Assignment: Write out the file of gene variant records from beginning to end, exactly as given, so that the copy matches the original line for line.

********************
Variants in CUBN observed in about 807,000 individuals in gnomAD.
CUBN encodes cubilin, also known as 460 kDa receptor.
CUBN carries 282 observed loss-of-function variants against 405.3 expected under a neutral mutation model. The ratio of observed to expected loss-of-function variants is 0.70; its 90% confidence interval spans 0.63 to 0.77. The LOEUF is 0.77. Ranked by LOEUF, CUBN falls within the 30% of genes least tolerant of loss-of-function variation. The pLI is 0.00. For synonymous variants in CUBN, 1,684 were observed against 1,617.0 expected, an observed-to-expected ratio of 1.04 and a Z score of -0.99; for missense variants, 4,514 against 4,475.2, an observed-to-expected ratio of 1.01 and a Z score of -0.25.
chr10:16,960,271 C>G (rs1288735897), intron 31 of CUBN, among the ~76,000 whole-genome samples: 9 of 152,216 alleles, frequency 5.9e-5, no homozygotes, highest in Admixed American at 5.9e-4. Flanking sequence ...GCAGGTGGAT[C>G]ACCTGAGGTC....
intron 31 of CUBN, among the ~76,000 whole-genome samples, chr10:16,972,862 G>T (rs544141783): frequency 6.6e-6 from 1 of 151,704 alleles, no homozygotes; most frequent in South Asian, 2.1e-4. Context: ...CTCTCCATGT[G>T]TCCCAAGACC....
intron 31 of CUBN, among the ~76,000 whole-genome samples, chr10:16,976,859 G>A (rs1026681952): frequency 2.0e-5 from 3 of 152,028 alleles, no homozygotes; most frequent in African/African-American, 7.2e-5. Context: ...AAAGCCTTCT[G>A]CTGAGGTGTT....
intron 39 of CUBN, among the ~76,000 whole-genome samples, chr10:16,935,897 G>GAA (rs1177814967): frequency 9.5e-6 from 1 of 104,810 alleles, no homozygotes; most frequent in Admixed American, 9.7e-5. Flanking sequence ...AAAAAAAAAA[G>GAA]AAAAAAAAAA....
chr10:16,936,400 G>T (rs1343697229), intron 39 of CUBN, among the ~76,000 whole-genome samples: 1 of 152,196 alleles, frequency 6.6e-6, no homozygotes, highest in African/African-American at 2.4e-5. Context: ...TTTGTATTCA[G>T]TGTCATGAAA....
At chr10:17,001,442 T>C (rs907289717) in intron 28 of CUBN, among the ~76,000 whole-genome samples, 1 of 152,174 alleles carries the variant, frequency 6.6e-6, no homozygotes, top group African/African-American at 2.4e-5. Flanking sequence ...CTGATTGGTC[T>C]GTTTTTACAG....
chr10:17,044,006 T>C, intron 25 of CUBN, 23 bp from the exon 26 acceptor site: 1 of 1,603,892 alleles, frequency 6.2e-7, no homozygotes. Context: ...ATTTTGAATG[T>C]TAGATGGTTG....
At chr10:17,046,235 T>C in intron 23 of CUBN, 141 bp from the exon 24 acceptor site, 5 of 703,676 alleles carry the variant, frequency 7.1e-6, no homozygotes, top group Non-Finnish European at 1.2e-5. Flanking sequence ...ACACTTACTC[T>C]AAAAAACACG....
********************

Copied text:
Variants in CUBN observed in about 807,000 individuals in gnomAD.
CUBN encodes cubilin, also known as 460 kDa receptor.
CUBN carries 282 observed loss-of-function variants against 405.3 expected under a neutral mutation model. The ratio of observed to expected loss-of-function variants is 0.70; its 90% confidence interval spans 0.63 to 0.77. The LOEUF is 0.77. Ranked by LOEUF, CUBN falls within the 30% of genes least tolerant of loss-of-function variation. The pLI is 0.00. For synonymous variants in CUBN, 1,684 were observed against 1,617.0 expected, an observed-to-expected ratio of 1.04 and a Z score of -0.99; for missense variants, 4,514 against 4,475.2, an observed-to-expected ratio of 1.01 and a Z score of -0.25.
chr10:16,960,271 C>G (rs1288735897), intron 31 of CUBN, among the ~76,000 whole-genome samples: 9 of 152,216 alleles, frequency 5.9e-5, no homozygotes, highest in Admixed American at 5.9e-4. Flanking sequence ...GCAGGTGGAT[C>G]ACCTGAGGTC....
intron 31 of CUBN, among the ~76,000 whole-genome samples, chr10:16,972,862 G>T (rs544141783): frequency 6.6e-6 from 1 of 151,704 alleles, no homozygotes; most frequent in South Asian, 2.1e-4. Context: ...CTCTCCATGT[G>T]TCCCAAGACC....
intron 31 of CUBN, among the ~76,000 whole-genome samples, chr10:16,976,859 G>A (rs1026681952): frequency 2.0e-5 from 3 of 152,028 alleles, no homozygotes; most frequent in African/African-American, 7.2e-5. Context: ...AAAGCCTTCT[G>A]CTGAGGTGTT....
intron 39 of CUBN, among the ~76,000 whole-genome samples, chr10:16,935,897 G>GAA (rs1177814967): frequency 9.5e-6 from 1 of 104,810 alleles, no homozygotes; most frequent in Admixed American, 9.7e-5. Flanking sequence ...AAAAAAAAAA[G>GAA]AAAAAAAAAA....
chr10:16,936,400 G>T (rs1343697229), intron 39 of CUBN, among the ~76,000 whole-genome samples: 1 of 152,196 alleles, frequency 6.6e-6, no homozygotes, highest in African/African-American at 2.4e-5. Context: ...TTTGTATTCA[G>T]TGTCATGAAA....
At chr10:17,001,442 T>C (rs907289717) in intron 28 of CUBN, among the ~76,000 whole-genome samples, 1 of 152,174 alleles carries the variant, frequency 6.6e-6, no homozygotes, top group African/African-American at 2.4e-5. Flanking sequence ...CTGATTGGTC[T>C]GTTTTTACAG....
chr10:17,044,006 T>C, intron 25 of CUBN, 23 bp from the exon 26 acceptor site: 1 of 1,603,892 alleles, frequency 6.2e-7, no homozygotes. Context: ...ATTTTGAATG[T>C]TAGATGGTTG....
At chr10:17,046,235 T>C in intron 23 of CUBN, 141 bp from the exon 24 acceptor site, 5 of 703,676 alleles carry the variant, frequency 7.1e-6, no homozygotes, top group Non-Finnish European at 1.2e-5. Flanking sequence ...ACACTTACTC[T>C]AAAAAACACG....